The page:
Natural Resources Defense Council v. Outboard Marine Corp.
Citation: 19 ELR 20279
No. No. 87C 4648, 692 F. Supp. 801/28 ERC 1025/(N.D. Ill., 07/12/1988) Summary judgment on liability
The court holds that plaintiffs have satisfied the prerequisites for bringing a citizen suit under § 505 of the Federal Water Pollution Control Act, and that defendant is liable for certain violations of its National Pollutant Discharge Elimination System (NPDES) permit. The court first holds that plaintiff has standing to bring this action on behalf of its members. Plaintiff has shown that identified members use the waters into which defendant's discharges flow, and that pollution of those waters harms their aesthetic and environmental interests. Plaintiff need not prove that its members are harmed specifically by defendant's discharges. If defendant has violated its NPDES permit, it has injured those using the affected waters, and injunction of the violation will redress the injury. The court also holds that plaintiff's standing is not vitiated by its failure to notify its members of the violations until after filing its complaint. The injury, and thus standing, existed at the time of filing.
The court next holds that the fact that the defendant is appealing its permit and a permit modification request to a state agency does not give that agency primary jurisdiction requiring the court to dismiss the case. The case does not encroach on the agency's area of expertise; it merely seeks to enforce the permit standards previously set by the agency. The court also holds that abstention is unnecessary. Its decision enforcing the permit will not interfere with a coherent state policy, even though it may be inconsistent with the state agency's future decision on permit modification. The defendant's administrative appeal also does not stay the permit requirements, so the court must enforce those requirements regardless of the possibility that the state agency may retroactively modify them. Defendant's permit appeal also is not a parallel state judicial enforcement proceeding warranting federal abstention.
The court next holds that it has jurisdiction because plaintiff has, in good faith, alleged continuous or intermittent violations, as required by Gwaltney of Smithfield, Ltd. v. Chesapeake Bay Foundation, 18 ELR 20142. Defendant's administrative appeal of its permit modification request does not stay the permit requirements because it is a modification request, not a permit appeal. Defendant's permit requirements, and its alleged violations of those requirements, were thus ongoing when plaintiff filed its complaint. The court also holds that plaintiff has adequately alleged intermittent violations under Gwaltney, even though there may only have been three violations in three years. The key to alleging intermittent violations is not any particular frequency or severity of violation, but a defendant's failure to act to prevent future recurrence.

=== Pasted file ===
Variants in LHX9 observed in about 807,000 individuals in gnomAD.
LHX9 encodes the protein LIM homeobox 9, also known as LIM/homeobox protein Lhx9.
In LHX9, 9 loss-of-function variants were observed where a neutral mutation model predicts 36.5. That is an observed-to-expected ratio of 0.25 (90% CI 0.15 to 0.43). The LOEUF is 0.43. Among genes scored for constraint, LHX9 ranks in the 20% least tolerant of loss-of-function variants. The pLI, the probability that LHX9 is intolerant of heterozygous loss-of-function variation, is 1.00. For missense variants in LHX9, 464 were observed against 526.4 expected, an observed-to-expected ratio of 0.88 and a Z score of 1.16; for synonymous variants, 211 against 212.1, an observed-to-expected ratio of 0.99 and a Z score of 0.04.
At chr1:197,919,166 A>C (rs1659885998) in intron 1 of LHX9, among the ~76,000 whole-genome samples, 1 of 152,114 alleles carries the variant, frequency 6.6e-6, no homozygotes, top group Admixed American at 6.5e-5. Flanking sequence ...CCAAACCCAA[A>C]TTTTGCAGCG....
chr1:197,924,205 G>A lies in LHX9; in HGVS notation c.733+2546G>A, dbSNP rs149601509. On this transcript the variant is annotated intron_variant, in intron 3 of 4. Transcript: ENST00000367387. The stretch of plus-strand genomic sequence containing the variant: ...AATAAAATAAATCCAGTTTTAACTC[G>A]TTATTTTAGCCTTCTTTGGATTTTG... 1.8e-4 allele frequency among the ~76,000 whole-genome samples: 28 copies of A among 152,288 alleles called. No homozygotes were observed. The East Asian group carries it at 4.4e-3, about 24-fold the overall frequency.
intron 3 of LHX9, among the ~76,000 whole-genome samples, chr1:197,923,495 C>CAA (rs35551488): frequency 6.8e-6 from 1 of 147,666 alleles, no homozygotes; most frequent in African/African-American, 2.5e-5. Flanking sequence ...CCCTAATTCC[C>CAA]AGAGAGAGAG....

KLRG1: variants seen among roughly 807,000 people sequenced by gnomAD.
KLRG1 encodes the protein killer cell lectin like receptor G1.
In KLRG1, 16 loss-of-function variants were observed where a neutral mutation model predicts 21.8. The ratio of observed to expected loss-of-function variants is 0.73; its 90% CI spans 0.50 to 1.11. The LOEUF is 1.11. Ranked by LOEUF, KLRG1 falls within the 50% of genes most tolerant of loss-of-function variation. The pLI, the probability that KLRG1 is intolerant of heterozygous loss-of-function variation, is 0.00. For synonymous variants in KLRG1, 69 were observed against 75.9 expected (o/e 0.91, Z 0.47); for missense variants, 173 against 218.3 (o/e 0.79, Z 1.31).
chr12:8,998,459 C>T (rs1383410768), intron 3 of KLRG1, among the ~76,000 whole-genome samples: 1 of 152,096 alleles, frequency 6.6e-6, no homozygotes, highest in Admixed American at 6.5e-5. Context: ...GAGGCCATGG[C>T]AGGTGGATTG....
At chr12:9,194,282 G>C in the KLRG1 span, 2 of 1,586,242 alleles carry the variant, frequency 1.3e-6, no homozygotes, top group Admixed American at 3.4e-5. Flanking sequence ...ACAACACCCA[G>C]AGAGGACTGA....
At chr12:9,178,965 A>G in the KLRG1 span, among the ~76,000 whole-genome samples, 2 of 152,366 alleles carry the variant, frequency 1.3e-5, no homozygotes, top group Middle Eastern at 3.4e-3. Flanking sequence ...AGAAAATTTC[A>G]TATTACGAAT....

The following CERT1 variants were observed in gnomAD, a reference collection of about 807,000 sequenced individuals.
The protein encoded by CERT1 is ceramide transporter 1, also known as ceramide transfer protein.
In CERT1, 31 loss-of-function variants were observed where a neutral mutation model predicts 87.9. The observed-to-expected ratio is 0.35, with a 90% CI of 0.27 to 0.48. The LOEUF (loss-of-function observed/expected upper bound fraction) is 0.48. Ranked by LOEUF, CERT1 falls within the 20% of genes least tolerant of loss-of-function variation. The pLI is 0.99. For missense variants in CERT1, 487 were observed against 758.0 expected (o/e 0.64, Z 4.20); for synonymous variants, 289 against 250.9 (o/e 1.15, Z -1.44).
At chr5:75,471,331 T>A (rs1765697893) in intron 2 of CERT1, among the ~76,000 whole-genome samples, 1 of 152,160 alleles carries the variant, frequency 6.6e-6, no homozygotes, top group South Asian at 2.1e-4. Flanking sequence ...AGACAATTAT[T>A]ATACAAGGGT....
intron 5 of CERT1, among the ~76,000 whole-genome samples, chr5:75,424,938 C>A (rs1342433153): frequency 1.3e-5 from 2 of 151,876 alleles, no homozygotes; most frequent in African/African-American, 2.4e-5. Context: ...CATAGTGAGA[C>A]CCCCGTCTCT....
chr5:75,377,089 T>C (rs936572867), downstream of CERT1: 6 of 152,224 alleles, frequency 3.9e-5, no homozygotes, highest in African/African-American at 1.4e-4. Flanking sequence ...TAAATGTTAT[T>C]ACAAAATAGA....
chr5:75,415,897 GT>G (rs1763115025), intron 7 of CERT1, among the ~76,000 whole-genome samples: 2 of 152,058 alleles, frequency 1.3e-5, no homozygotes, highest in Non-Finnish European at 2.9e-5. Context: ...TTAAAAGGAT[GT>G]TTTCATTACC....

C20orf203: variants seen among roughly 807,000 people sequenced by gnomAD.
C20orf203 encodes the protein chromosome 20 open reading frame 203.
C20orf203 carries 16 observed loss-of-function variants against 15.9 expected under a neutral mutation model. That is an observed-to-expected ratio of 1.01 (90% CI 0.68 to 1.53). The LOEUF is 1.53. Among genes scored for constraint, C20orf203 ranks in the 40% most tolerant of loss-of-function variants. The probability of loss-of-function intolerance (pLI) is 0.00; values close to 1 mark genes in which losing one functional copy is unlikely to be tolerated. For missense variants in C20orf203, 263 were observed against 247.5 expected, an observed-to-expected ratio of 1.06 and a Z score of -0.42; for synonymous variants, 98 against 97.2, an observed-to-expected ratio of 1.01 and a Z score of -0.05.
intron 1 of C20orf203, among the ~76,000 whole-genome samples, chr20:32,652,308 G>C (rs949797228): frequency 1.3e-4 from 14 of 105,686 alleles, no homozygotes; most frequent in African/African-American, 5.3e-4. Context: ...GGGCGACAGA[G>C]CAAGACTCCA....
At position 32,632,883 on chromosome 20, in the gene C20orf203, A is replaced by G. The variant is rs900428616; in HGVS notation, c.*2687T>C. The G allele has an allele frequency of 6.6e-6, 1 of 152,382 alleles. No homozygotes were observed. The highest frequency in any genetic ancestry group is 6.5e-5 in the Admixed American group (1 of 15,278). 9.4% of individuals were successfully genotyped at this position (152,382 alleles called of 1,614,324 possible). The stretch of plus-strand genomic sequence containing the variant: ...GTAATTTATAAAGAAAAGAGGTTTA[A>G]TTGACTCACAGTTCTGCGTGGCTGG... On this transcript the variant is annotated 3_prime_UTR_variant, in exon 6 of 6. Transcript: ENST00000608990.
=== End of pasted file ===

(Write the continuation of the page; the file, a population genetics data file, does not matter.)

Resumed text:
The court next holds that § 505 does not violate the constitutional doctrine of separation of powers. That doctrine applies as between branches of government; it does not prevent Congress from authorizing private actors to perform certain functions also performed by the executive branch. The court also holds that § 505 does not impermissibly deny federal and state agencies sole enforcement discretion; Congress considered strict enforcement more important than that discretion.
Turning to the merits, the court holds that defendant's permit set an enforceable limit on its discharge of polychlorinated biphenyls (PCBs). A related permit condition did not modify that limit, but merely entitled defendant to seek modification if it could not achieve the limit. The court holds that there is an issue of material fact as to whether defendant violated the limit. Defendant's monitoring results, on which plaintiff bases its claims of violation, are as accurate as technology allows, but not accurate enough to prove violation as a matter of law. The court next holds that when a single sample is taken in a month, it counts as two violations if it violates both the daily and the monthly permit limits. The court holds defendant strictly liable for violations of its permit limitations on total suspended solids and pH. Defendant's arguments that it is not responsible for some of the solids in its discharge are not relevant; it should have raised them in a permit appeal. Finally, the court holds that injunctive relief is appropriate on a summary judgment motion, and enjoins further violations of the solids and pH limitations.
Counsel for Plaintiff
James F. Simon, Nora J. Chorover
Natural Resources Defense Council, Inc.
122 E. 42nd St., New York NY 10168
Counsel for Defendant
Richard J. Kissel, Erica L. Dolgin
Gardner, Carton & Douglas
Quaker Tower, Ste. 3400, 321 N. Clark St., Chicago IL 60610-4795